Looking ahead to the Epsom Derby
Looking ahead to the Epsom Derby
The National Hunt season might be behind us, but there is still plenty of flat racing action to look forward to. It doesn’t come much bigger than the Epsom Derby, which will take place on 01 June. Held at Epsom Downs racecourse, the Derby is one of the Blue Riband events of the year, and is run over a distance of one mile and four furlongs. The race is open to three-year-old colts and fillies, and provides an opportunity to see some of the greatest bloodstock that is set to dominate over the coming years.
Image source (Wikipedia) https://de.wikipedia.org/wiki/Derby_Stakes
With a prize fund of more than £1.3 million, the Derby is Britain’s richest race of the year, and it is right up there with the Grand National or Cheltenham Gold Cup as one of the biggest annual events on the racing calendar. In fact, this is the original Derby, and is the race that has lent its name to other great horse racing events the world over, such as the Kentucky Derby.
A big race means a big day for those who enjoy placing a bet, and Derby Day is one of the most important dates in the calendar for bookmakers as well as racing fans. But being open only to three year olds means this is a race in which casual punters cannot simply back a “famous name” as they might in one of the major National Hunt races. Still, the Epsom Derby is as big a favourite with the horse racing fans who like to review online bookmakers such as Betway to find the best places to lay down a bet as the Grand National or the Cheltenham Gold Cup. Sites like this are popular with both seasoned race fans and the more occasional, one-off punters, and the tipsters will be nominating their favourites as soon as the runners and riders are confirmed.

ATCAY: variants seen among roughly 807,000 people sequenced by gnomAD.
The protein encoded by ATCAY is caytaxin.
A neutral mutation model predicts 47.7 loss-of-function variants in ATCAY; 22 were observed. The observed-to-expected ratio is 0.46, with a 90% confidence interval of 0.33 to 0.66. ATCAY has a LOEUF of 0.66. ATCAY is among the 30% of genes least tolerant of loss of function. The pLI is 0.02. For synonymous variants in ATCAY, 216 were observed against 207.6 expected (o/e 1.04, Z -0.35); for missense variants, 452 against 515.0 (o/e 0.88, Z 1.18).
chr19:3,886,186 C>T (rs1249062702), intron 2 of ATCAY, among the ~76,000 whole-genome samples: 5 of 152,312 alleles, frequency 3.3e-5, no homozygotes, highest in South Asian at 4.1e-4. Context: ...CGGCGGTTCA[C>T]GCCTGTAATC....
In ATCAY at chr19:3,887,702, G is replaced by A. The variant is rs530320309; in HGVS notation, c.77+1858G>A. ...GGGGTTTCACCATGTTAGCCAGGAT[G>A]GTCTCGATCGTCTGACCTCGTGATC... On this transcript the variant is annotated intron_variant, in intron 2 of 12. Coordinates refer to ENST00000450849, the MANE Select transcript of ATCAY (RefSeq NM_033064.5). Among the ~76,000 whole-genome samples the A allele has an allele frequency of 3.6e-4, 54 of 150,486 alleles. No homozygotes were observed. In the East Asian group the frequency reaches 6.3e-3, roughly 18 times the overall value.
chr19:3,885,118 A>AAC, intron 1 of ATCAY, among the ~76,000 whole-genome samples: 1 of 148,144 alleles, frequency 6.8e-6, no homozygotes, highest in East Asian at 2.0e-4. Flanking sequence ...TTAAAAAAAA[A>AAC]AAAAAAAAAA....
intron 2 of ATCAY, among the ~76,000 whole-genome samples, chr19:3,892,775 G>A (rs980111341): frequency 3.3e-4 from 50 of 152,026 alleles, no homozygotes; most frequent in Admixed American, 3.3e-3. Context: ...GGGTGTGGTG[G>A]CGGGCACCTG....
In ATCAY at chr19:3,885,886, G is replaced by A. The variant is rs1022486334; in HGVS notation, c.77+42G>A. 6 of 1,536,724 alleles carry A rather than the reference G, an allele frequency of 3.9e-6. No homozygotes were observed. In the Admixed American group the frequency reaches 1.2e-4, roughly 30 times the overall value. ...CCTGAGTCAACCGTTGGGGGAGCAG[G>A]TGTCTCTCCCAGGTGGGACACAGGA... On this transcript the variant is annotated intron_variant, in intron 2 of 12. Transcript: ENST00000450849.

This year’s will be the 240th Epsom Derby, so it goes without saying that with such a long history, the race has seen some of the very best horses. The Epsom Derby has welcomed some of the world’s very best thoroughbreds throughout its rich history, including Nijinsky, Shergar, Nashwan and Sea the Stars.
Yet while winning at Epsom will certainly propel any horse’s name into the headlines, Derby winners more commonly go on to become the most coveted stallions at stud as opposed to multi race winners.
This is something that has been seen from the very earliest days. Diomed has the distinction of winning the first ever Derby in 1780. His racing career was short, but he went to stud in America, where he was one of the most important stallions in early American bloodstock. He remained active right up to his death at the veritable age of 31. Fast forward to the present day and Galileo, the 2001 Derby winner, has become the top stallion in Britain and Ireland, siring some famous champions including Frankel, New Approach and Minding.
More than just a race
As is the case with any top horse race, there is far more to Derby Day than the racing. Its proximity to London makes this race one of the most popular with the Royal family. Her Majesty the Queen is a regular attendee, and was there last year alongside a host of celebrities including Liz Hurley and Dame Helen Mirren.
Unlike other major races, entry to Epsom Downs for the Derby is absolutely free, and as a result, crowds of up to 100,000 spectators typically arrive, giving the event an atmosphere that is unlike any other.